A final proposal by Greece’s international creditors has been put to eurozone finance ministers, with time fast running out to reach agreement and
A final proposal by Greece’s international creditors has been put to eurozone finance ministers, with time fast running out to reach agreement and avert a debt default.
The eurogroup’s meeting on Thursday afternoon has been suspended and ministers are due to reconvene on Saturday.
— EfiKoutsokosta (@Efkouts) 25 Juin 2015
Earlier talks between Greek Prime Minister Alexis Tsipras and the country’s international lenders ended with sources saying that still no agreement had been reached.
Athens missed a mid-morning deadline to propose a reform plan acceptable to lenders. Greece’s lenders set the deadline to unlock new funding and avert a default next Tuesday.
Speaking on Thursday lunchtime ahead of a summit of EU leaders, the President of the European Parliament Martin Schulz said he would remain optimistic “until the last second”.
Tsipras echoed those words on Thursday afternoon as he arrived for the summit, telling reporters he was “confident” a compromise deal could be reached.
However, there is said to be exasperation over Athens’ refusal to compromise on matters such as pensions, labour markets, wages and tax.
Sources close to the talks said there were big gaps between Greece and the International Monetary Fund, European Central Bank and the European Commission.
#Greece: work is underway; can still take many hours. But I have a hunch that unlike in Sophocles' tragedies this story will have happy end.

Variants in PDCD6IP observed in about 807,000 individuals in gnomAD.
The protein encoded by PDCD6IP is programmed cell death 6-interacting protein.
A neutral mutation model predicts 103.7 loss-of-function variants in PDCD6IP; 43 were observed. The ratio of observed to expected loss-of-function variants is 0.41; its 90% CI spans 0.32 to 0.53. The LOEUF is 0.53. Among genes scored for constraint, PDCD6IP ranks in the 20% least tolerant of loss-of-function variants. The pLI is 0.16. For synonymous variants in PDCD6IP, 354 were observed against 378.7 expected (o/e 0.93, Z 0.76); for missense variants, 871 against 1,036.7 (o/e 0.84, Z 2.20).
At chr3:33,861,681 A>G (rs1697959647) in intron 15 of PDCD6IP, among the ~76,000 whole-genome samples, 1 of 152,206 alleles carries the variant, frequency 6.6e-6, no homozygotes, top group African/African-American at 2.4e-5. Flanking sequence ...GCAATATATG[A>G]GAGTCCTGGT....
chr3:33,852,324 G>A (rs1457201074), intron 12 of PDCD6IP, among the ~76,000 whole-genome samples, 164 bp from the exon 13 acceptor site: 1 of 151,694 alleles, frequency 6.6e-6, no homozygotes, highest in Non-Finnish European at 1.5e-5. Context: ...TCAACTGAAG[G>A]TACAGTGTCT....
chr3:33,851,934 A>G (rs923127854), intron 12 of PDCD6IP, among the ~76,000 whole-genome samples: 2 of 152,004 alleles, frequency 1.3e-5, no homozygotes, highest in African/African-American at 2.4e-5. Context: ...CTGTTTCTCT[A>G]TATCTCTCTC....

— Donald Tusk (@eucopresident) 25 Juin 2015
Greek ministers have said they intend to stick to their own proposals, based largely on increases in tax and social contributions. Athens believes it has already compromised on its “red lines” on taxes and pensions – with officials effectively accusing the lenders of moving the goalposts.
The latest Greek proposals submitted earlier this week are believed to have included many of the creditors’ demands – but are thought to have placed too much emphasis on raising taxes rather than cutting spending, to appease lenders.
Athens has not managed to get what it wants: proposals on the restructuring of its debt. Eurozone governments have said they are not prepared to discuss this until Greece implements reforms.
The anti-creditor rhetoric from senior Greek figures in the hard-left Syriza administration is as strong as ever. The party’s parliamentary spokesman described lenders’ demands as “annihilating measures” showing that “the blackmail against Greece is reaching a climax”.
Greece must repay an IMF loan of 1.6 billion euros by next Tuesday, and is trying to secure a last bailout instalment of 7.2 billion euros.